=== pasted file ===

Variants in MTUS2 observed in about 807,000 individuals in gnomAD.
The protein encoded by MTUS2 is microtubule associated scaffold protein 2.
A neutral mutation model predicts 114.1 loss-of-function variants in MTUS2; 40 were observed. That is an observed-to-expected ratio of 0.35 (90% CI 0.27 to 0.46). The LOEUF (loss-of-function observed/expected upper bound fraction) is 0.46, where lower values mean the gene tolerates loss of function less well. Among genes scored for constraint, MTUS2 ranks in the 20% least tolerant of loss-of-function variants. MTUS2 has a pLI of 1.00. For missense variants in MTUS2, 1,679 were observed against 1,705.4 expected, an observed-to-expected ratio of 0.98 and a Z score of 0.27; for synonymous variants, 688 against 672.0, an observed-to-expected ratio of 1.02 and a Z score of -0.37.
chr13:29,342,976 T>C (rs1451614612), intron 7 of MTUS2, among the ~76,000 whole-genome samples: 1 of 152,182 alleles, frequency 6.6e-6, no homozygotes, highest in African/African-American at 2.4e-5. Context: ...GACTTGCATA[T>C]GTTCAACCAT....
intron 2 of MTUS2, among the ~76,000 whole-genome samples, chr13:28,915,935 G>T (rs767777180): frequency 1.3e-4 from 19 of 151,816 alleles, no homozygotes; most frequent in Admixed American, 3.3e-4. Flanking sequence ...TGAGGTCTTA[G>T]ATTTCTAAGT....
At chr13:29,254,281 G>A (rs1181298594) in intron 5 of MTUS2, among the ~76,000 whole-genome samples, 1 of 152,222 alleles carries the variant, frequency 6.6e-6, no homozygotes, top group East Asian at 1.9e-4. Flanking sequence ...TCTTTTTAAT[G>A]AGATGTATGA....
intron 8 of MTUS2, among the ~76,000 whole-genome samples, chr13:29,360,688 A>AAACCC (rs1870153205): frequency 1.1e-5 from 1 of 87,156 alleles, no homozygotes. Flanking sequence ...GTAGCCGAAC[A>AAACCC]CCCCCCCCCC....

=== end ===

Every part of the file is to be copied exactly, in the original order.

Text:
Variants in MTUS2 observed in about 807,000 individuals in gnomAD.
The protein encoded by MTUS2 is microtubule associated scaffold protein 2.
A neutral mutation model predicts 114.1 loss-of-function variants in MTUS2; 40 were observed. That is an observed-to-expected ratio of 0.35 (90% CI 0.27 to 0.46). The LOEUF (loss-of-function observed/expected upper bound fraction) is 0.46, where lower values mean the gene tolerates loss of function less well. Among genes scored for constraint, MTUS2 ranks in the 20% least tolerant of loss-of-function variants. MTUS2 has a pLI of 1.00. For missense variants in MTUS2, 1,679 were observed against 1,705.4 expected, an observed-to-expected ratio of 0.98 and a Z score of 0.27; for synonymous variants, 688 against 672.0, an observed-to-expected ratio of 1.02 and a Z score of -0.37.
chr13:29,342,976 T>C (rs1451614612), intron 7 of MTUS2, among the ~76,000 whole-genome samples: 1 of 152,182 alleles, frequency 6.6e-6, no homozygotes, highest in African/African-American at 2.4e-5. Context: ...GACTTGCATA[T>C]GTTCAACCAT....
intron 2 of MTUS2, among the ~76,000 whole-genome samples, chr13:28,915,935 G>T (rs767777180): frequency 1.3e-4 from 19 of 151,816 alleles, no homozygotes; most frequent in Admixed American, 3.3e-4. Flanking sequence ...TGAGGTCTTA[G>T]ATTTCTAAGT....
At chr13:29,254,281 G>A (rs1181298594) in intron 5 of MTUS2, among the ~76,000 whole-genome samples, 1 of 152,222 alleles carries the variant, frequency 6.6e-6, no homozygotes, top group East Asian at 1.9e-4. Flanking sequence ...TCTTTTTAAT[G>A]AGATGTATGA....
intron 8 of MTUS2, among the ~76,000 whole-genome samples, chr13:29,360,688 A>AAACCC (rs1870153205): frequency 1.1e-5 from 1 of 87,156 alleles, no homozygotes. Flanking sequence ...GTAGCCGAAC[A>AAACCC]CCCCCCCCCC....